Losing weight may be challenging for some people. But what happens when you’re trying to lose weight and your partner is more of a challenge than the actual weight-loss?
How do you navigate through healthy lifestyle modifications and keep your relationship in tact, and even thriving?
While losing weight as a couple has its benefits, it may also have some negative side effects. Having the support of your partner may aide in your weight-loss success, but it may also create a wedge between the two of you. So, before you begin your weight-loss journey, know your differences as a couple.
Making Comparisons in Relationships
Blame it on Mother Nature. Men tend to lose weight faster than women due to biology and physiology. Unfortunately, there’s nothing that women can do about that. Therefore, it’s best to know this before you begin so you can manage your expectations.
Preparing yourself mentally for this may help you in the long run. If you are in a heterosexual relationship, comparing your weight-loss progress can create anxiety, frustration and anger. So, if your weight management partner is a male, try not to get discouraged if you are making progress at different paces. Continue to do your work, stay on track, and be supportive of one another. Remember, you are both playing for the same team – health!
Getting Physically Active
Next, get moving! We all know that being physically active burns calories, but what we may not have known is that men will often lose weight more rapidly with workouts than women. If you are a woman in this situation, don’t get discouraged. If you are a man who is losing weight more rapidly than your partner, check in with them and see how they’re adjusting to your collective exercise routines.
For both partners, don’t be afraid to modify your workouts. One of you may have an easier time with resistance or strength training, while the other might have an easier time with cardio. One of you may have more endurance or more speed. None of this really matters. You can modify your workouts to fit you as an individual, but you don’t have to let those modifications keep you from working out alongside your partner.
You can also agree to find workouts that suit both of you at the same intensity, such as power walking or yoga. While you may not always do the same exact exercises, you will both be working toward your ultimate goal – weight-loss that leads to improved health.
It’s not uncommon for people to eat in response to feeling hurt, sad or depressed. Maybe sometimes, both you and your partner find comfort in emotional eating together. This may take a little more control, but you can manage this as well.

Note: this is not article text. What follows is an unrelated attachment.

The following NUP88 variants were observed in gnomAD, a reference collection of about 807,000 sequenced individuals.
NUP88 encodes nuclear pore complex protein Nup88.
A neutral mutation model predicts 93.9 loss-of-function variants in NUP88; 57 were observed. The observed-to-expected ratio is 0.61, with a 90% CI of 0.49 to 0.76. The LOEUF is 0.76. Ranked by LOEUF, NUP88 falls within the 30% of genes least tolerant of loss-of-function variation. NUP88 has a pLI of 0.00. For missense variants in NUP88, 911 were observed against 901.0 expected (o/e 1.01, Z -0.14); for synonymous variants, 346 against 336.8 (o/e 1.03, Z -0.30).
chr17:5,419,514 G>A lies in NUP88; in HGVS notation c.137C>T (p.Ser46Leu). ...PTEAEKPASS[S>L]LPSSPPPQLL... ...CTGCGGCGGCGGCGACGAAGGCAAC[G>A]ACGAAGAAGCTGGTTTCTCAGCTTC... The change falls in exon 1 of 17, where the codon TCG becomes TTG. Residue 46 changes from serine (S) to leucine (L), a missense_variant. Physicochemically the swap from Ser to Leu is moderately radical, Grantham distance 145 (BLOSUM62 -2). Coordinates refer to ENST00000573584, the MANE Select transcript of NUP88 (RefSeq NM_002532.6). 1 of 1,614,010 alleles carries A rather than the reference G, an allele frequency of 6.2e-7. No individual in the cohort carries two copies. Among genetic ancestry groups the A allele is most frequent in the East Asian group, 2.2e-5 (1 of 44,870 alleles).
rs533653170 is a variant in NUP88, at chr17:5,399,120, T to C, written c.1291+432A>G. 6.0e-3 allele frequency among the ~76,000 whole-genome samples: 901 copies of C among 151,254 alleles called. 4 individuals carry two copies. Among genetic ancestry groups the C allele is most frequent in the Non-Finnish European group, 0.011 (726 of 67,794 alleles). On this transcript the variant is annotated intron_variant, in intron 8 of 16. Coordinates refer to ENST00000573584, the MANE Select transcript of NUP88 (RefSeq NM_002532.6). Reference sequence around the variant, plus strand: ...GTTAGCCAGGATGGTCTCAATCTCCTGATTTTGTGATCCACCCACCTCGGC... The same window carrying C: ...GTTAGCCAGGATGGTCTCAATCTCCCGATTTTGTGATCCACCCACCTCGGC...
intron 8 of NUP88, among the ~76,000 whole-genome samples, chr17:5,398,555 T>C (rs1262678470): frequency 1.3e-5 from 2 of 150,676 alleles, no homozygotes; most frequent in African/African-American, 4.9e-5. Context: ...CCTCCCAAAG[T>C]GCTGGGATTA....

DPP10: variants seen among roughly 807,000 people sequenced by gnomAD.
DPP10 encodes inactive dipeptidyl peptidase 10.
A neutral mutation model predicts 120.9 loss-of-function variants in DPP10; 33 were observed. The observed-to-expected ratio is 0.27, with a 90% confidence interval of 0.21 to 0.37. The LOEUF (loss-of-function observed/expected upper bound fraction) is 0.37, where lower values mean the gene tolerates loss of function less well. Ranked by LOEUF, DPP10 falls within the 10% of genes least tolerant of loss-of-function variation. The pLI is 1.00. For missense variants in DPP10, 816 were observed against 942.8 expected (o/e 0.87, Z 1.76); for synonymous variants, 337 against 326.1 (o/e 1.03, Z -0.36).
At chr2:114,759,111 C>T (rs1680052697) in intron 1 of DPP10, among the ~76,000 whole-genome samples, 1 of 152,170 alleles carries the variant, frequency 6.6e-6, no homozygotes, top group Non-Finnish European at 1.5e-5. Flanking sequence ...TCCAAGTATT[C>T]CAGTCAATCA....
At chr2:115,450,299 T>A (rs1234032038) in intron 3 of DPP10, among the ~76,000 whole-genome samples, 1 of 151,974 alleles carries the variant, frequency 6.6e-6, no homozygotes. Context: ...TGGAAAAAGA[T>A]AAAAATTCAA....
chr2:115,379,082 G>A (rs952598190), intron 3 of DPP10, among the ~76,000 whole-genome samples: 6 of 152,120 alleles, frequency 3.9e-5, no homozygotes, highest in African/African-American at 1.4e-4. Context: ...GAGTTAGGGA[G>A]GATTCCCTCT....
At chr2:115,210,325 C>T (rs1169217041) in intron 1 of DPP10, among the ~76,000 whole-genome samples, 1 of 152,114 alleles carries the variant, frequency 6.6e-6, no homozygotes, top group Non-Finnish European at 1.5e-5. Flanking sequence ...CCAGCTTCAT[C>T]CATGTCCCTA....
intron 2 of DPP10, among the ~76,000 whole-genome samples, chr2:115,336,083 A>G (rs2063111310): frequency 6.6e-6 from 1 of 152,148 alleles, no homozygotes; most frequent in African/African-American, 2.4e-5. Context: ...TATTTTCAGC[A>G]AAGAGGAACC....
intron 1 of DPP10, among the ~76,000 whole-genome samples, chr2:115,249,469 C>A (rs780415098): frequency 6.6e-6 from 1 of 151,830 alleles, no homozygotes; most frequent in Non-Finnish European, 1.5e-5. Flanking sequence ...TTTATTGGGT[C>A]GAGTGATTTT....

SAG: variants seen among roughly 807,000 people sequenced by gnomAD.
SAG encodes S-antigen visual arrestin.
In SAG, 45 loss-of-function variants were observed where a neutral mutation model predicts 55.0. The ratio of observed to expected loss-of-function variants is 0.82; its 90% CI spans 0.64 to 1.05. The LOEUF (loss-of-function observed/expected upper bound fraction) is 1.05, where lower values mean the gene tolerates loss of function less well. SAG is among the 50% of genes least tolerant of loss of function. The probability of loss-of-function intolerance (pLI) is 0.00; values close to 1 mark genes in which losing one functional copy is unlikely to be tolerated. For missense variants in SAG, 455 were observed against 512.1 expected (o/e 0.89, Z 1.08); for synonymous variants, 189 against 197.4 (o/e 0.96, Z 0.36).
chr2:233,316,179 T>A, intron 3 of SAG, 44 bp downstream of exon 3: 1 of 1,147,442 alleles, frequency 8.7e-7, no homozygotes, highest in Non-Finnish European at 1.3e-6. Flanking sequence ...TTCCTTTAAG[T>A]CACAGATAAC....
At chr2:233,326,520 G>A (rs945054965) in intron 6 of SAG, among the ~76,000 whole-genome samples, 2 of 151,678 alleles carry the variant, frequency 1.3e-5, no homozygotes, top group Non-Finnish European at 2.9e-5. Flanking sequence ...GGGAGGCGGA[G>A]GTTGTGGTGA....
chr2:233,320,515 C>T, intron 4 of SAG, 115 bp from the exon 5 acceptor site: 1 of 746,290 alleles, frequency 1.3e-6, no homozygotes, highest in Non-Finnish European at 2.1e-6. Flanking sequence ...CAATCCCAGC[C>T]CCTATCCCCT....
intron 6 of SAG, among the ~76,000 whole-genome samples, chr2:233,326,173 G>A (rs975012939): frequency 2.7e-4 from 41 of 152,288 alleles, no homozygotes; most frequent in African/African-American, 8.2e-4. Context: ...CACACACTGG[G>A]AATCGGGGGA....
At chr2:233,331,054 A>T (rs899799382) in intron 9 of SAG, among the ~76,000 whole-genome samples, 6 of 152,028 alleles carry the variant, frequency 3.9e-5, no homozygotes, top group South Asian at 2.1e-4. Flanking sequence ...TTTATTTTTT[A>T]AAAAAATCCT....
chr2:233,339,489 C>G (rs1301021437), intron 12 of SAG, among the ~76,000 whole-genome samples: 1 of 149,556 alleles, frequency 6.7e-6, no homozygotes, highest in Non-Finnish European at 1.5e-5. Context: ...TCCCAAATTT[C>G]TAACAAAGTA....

Communication is key. Let your partner know how you are feeling and ask for his/her support. Perhaps engaging in physical activity together (short walk, bike ride, etc.) will help take your focus off food. Be mindful of emotional eating triggers throughout your day. Keep a food diary and write down how you are feeling when you are eating and what foods you are opting for.
Then discuss these changes with your partner. Working to understand each others’ challenges will help you relate to one another. This type of support is key when making any lifestyle change.
Support and Relationships
No matter how you tackle your weight-loss journey, having a supportive partner is a huge benefit. Sometimes, taking a step back from the process allows us to examine our inner most private relationships. Being able to ask for help and support may allow you to make your relationship a priority again, or keep it that way. It will create an environment for encouragement, shared meals and experiences, and a new level of communication and understanding.
All the while, you are both getting healthier and managing your weight. So don’t let jealousy, anger or frustration get in your way of living your best life. Taking these small steps will still get you to where you want to be. Just keep the faith and keep going. You’ve got this!
About the Author:
Natalie-Jean Schiavone, PhD, has more than 20 years of experience in the healthcare industry. After receiving her Master’s degree in General Psychology, Natalie-Jean went on to complete her doctoral degree in Health Psychology with a specialization in obesity. Dr. Schiavone conducted her research and completed her dissertation on female adolescents with obesity and their social experiences. Using her education, experience and expertise, Dr. Schiavone works with patients to create a healthier lifestyle where knowledge is a key factor in this modification.